It would be great to if either myself of Krishan Lal could refer to/check with these specimens towards the BEAUTIFUL FLOWERS OF HIMACHAL Project, during visits to the Kulu Valley, North India (see: ). 

It makes sense for visitors to the Western Himalaya and borderlands of Western Tibet to acclimatise for a few days at 2000m or so, if they plan to be spending time at high altitude (4-5000m) and what better way for any visiting botanist than consulting specimens at a local herbarium conveniently located in the Himalayan foothills.  No such University herbarium currently exists in Himachal Pradesh. 

In these days of 'high-tech' laboratory science, such places might seem old-fashioned, indeed unnecessary (and we in the West have savagely cut funding to our herbaria, so are not leading by example) but without a functioning herbarium, combined with extensive field collections and surveys, it is impossible to RELIABLY assess the abundance (or not) of individual species.  Not a lot of use proclaiming particular species are 'RARE or ENDANGERED' if such claims cannot be backed up with solid evidence.  IF the world is serious about conservation, action needs to be taken, as a matter of urgency.  I offer my services as a consultant and unique level of experience to any government or private organisations keen to address the problem.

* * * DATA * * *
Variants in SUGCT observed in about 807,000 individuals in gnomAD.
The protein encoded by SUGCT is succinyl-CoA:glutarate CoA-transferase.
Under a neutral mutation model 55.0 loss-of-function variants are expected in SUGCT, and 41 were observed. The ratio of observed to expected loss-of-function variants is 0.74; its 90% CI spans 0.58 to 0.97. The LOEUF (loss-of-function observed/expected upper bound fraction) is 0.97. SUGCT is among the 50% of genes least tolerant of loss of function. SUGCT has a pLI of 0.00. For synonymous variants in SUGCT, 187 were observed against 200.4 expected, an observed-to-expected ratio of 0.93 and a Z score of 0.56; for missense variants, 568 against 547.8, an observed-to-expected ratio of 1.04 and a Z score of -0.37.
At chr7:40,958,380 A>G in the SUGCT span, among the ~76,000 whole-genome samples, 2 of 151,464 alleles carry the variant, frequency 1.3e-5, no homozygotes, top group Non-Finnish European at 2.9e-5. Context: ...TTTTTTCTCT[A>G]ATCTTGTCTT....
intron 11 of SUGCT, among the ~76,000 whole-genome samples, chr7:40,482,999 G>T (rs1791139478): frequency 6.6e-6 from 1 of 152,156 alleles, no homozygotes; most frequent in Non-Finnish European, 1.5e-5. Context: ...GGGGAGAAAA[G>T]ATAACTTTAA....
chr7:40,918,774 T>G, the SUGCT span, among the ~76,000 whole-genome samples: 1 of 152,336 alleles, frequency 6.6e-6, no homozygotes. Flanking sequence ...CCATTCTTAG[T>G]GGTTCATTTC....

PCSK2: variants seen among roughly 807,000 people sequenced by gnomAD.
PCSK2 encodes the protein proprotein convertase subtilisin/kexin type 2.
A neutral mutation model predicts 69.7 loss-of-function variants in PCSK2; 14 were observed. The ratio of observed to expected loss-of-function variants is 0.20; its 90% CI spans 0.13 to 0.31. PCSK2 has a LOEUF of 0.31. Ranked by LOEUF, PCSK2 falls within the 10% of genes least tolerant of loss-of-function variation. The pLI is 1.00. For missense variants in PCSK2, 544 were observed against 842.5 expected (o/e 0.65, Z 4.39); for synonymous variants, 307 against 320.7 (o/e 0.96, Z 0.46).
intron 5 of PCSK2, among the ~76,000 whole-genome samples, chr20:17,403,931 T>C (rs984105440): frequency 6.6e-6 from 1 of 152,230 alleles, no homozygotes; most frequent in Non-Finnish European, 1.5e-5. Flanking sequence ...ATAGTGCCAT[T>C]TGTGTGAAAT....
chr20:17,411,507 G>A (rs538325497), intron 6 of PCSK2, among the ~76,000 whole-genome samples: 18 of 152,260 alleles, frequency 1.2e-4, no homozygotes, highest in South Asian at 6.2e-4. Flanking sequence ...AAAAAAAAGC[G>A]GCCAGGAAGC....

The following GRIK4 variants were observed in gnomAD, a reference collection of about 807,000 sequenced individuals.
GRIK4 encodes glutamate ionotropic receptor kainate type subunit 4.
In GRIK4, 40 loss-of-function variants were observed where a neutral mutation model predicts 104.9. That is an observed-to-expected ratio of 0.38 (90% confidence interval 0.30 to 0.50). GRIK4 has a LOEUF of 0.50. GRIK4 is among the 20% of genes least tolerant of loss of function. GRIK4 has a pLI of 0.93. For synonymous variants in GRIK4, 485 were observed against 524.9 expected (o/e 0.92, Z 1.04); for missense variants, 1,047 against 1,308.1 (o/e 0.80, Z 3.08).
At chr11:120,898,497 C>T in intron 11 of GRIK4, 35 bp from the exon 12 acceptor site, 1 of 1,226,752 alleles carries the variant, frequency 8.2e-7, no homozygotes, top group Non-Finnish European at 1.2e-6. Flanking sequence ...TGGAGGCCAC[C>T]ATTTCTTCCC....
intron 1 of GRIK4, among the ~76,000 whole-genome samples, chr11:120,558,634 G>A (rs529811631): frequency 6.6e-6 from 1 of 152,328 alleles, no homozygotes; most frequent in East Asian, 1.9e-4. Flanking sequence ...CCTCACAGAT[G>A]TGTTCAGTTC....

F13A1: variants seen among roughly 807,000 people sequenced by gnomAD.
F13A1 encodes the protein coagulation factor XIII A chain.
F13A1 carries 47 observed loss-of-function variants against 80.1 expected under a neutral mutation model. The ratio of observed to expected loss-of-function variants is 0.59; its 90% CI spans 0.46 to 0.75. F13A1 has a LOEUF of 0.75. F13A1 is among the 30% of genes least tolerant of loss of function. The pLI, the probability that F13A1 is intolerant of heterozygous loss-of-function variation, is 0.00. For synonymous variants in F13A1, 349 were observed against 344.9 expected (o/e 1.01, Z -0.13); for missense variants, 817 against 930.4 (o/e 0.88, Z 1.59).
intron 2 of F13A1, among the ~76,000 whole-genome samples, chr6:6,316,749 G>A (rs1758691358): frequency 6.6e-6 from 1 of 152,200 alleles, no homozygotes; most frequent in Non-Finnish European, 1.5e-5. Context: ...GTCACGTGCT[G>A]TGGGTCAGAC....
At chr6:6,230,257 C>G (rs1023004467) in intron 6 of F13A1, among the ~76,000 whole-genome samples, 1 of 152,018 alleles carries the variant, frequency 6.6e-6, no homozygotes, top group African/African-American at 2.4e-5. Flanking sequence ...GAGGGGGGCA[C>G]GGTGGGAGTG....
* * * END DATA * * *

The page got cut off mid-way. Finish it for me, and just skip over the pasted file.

I began lecturing 30 years ago and have seen a general trend of dropping memberships of the vast majority of gardening and horticultural societies (though the growth of organisations such as the UNIVERSITY OF THE THIRD AGE [U3A] is encouraging - some groups have a thousand members, with GARDEN INTEREST sub-groups with healthy numbers, which most garden clubs cannot match. See:  The demise of clubs and societies, no matter topic/subject they cover is a great loss to the British way of life.  There have even been cases when groups with literally hundreds of members which closed due to a lack of willingness to serve on committees.  As with village life, when shops, post offices and pubs close, the atmosphere changes.  Yes, many people can afford a fine home but retreating behind locked gates anxious about security, spending too much time on-line or mobile-phone, is a shame.  Getting involved benefits not just individual societies but communities - and it is enjoyable and rewarding.  We all help and contribute in different ways. Help others - one day someone may help you..... 

The entry about the Swat Valley, Pakistan (see above) has prompted me to begin, thanks to the late Dr R.R. Stewart something similar covering the flora of Afghanistan (see: ).
I have just received a copy of the January 2015 issue of THE ROCK GARDEN (Journal of the Scottish Rock Garden Club) which contains an article by the late Martin Carter, entitled FROM THE 'LAST PLACE ON EARTH' TO SCOTLAND.  Martin was a founder and enthusiastic member of the Himalayan Plant Association, to whom I owe a considerable debt.  See: